This week we are focusing on disability hate crime as part of our hate crime awareness campaign. A hate crime is any criminal offence that is motivated by a prejudice or hate. This can include anything that focuses on the victim’s disability or hostility towards disabled people.
Hate crime can take many forms from a continuous campaign of subtle language by a colleague or neighbour to an isolated incident of suggestive harassment from a stranger.
In many cases, victims have suffered from Mate Crime, which is defined as the exploitation, abuse or theft from any vulnerable person by those they consider to be their friends. Those that commit such abuse or theft are often referred to as 'fake friends' as they use their friendship for exploitation.
A person experiencing mate crime can sometimes be unaware of any hidden motives and likely to be of some duration which can lead to repeat or worsening abuse. Original research says mate hate is primarily aimed at people with learning difficulties but people with Autism and mental health issues have been victims and of course older people who can also be disabled.
It can be difficult for a person to come forward due to not recognising the abuse or fear of not being believed, especially if reporting a perceived friend or family member or if they reliant on that person for support.
The Brandon Trust often support those who have been victims of Mate Crime:
A young man, Tom (who has a learning disability and a long term health condition), was approached by an ex-school friend. This person proceeded to stay at Tom’s flat with his girlfriend and using the property to take drugs. Tom’s Support Worker raised concerns when Tom stopped engaging and he witnessed drug paraphernalia. The incident escalated when Tom was arrested for reportedly stabbing a knife in perp’s foot. This was disproved as Tom as dyspraxia so wouldn’t be able to aim that accurately.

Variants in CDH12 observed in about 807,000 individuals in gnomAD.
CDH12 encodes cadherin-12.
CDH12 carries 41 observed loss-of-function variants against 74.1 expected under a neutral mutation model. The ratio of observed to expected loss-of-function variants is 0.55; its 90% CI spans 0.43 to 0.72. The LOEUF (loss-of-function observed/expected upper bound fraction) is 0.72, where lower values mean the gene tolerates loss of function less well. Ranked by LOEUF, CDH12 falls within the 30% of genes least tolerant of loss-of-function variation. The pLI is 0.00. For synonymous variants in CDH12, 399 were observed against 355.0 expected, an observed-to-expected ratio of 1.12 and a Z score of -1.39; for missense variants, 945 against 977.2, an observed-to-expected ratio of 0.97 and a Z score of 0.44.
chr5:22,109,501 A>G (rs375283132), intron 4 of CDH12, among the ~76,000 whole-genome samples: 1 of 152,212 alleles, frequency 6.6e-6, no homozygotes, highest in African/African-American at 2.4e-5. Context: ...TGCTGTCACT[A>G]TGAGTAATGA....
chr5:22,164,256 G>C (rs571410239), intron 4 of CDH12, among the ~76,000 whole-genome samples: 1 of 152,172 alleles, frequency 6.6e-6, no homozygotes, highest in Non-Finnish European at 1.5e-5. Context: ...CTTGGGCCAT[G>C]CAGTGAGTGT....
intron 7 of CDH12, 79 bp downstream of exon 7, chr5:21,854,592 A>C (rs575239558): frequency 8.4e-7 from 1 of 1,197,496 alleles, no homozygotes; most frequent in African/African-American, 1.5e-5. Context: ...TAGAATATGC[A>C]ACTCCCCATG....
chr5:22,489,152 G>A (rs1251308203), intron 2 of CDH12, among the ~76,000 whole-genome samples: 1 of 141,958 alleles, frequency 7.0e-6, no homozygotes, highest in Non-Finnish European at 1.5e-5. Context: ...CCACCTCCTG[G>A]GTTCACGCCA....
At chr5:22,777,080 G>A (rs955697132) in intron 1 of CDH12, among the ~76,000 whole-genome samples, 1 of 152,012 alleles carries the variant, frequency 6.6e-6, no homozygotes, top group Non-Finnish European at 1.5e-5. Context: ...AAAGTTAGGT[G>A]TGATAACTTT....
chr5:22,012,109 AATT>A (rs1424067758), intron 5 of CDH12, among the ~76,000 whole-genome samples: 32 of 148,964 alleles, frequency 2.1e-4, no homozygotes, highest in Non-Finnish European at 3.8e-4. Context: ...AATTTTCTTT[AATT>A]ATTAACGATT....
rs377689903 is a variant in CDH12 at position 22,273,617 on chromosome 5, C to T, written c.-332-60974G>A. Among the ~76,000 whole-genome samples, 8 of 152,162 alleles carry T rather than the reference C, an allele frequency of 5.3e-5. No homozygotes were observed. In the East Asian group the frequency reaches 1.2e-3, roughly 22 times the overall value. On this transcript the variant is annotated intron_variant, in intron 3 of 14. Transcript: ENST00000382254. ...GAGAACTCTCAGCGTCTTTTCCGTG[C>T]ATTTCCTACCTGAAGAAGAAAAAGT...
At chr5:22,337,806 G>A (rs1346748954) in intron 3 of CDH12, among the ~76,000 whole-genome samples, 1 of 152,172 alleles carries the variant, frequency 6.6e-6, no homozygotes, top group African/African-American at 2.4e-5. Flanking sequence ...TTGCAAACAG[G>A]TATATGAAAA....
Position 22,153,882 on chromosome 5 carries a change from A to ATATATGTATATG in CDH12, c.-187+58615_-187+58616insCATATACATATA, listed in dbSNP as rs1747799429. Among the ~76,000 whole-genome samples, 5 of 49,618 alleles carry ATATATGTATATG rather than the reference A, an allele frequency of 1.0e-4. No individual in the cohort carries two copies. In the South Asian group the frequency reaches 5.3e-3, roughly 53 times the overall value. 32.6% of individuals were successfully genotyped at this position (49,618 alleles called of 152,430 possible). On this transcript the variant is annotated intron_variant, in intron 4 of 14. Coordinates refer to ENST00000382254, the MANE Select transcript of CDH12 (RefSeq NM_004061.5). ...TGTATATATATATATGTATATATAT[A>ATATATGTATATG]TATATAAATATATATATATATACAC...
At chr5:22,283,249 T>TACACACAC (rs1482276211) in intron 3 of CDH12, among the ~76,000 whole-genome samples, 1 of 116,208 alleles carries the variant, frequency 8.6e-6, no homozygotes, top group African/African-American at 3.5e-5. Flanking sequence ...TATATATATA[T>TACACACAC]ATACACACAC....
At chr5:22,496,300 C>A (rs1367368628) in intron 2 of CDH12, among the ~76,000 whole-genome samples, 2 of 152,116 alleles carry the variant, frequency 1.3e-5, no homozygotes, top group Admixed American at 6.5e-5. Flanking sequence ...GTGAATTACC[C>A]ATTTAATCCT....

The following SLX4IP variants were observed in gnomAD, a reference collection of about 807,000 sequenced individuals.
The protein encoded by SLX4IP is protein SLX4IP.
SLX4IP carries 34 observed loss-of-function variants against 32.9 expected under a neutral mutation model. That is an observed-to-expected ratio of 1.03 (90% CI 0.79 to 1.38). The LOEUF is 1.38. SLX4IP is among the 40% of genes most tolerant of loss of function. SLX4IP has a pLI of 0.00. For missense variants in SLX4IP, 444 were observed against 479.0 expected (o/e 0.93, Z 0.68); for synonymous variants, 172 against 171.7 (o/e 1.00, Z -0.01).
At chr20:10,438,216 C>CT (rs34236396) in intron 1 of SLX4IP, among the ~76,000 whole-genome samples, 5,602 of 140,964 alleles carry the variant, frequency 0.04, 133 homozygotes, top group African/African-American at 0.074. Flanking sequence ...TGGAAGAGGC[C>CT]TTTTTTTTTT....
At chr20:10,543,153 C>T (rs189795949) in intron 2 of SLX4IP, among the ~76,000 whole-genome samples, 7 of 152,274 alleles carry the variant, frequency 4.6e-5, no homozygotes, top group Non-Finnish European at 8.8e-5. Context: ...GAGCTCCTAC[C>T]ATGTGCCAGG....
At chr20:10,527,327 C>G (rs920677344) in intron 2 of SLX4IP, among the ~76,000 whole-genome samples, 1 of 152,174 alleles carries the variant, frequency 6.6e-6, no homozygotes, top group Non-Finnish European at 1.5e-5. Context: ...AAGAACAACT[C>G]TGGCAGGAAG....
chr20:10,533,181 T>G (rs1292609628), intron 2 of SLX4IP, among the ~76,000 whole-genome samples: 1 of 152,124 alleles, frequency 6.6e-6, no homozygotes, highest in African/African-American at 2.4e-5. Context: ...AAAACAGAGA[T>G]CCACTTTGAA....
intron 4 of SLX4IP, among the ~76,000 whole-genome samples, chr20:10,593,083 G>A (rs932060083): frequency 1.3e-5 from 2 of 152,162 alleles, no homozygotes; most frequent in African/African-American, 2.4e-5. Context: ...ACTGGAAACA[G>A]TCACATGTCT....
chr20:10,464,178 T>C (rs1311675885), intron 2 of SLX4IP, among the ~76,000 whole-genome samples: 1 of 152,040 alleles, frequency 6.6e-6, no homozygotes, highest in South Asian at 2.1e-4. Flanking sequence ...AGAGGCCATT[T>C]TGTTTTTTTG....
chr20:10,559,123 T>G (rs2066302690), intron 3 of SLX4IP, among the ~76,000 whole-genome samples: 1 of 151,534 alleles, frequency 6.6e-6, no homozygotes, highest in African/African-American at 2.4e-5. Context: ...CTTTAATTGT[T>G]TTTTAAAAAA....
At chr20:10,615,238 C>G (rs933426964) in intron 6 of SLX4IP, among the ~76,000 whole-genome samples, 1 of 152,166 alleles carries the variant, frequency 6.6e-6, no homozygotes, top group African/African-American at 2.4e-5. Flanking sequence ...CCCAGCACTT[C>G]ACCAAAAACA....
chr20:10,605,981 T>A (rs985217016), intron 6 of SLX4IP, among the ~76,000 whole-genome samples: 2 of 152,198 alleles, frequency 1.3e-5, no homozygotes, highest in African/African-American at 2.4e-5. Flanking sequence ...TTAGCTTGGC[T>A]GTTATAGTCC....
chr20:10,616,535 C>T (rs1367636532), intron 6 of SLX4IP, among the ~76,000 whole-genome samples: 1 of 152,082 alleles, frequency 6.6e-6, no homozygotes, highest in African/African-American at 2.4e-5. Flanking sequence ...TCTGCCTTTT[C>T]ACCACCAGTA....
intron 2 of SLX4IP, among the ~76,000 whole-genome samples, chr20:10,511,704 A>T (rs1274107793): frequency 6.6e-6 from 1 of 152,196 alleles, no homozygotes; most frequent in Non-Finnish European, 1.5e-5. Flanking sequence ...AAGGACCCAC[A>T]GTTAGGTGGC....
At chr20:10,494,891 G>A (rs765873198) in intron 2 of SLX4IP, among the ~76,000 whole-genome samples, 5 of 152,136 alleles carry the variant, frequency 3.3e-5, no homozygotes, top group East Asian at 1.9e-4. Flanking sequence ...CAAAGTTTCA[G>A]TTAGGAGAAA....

Regular safeguarding meetings were set up as Tom was at greater risk in the community when the perp spread the rumour that Tom was a paedophile and Tom was threatened and physically assaulted. Tom was also at risk of losing his tenancy as neighbours had made anti-social behaviour complaints. It was explained to the landlords that Tom had been a victim of disability hate crime. Other incidents were revealed such as Tom’s hair and a new coat being set alight to. However, Tom had to stay away from property for his own safety. He stayed with a friend until he was suitably rehoused with support.
Anyone with information about a hate crime is asked to report it either by calling 999 in an emergency or 101 in a non-emergency or in person at a police station. If you feel you can speak to us, we would prefer to speak to you on the phone or in person, however if contacting us online is the safest way for you to get in touch, you can complete our online reporting form.
If you don’t want to contact us directly please use an independent agency like the Brandon Trust or Bristol Hate Crime Services on 0800 171 2272 or report it online on the Report It website
The Brandon Trust deliver training and workshops for those who work with disabled people:
“People with learning disabilities can find it very hard to say no which is why our training can be effective, we use drama to engage participants and get them actively practising saying no. We are currently funded to deliver workshops in South Glos with Assistant Trainers who have learning disabilities and can also deliver workshops etc in Bristol.”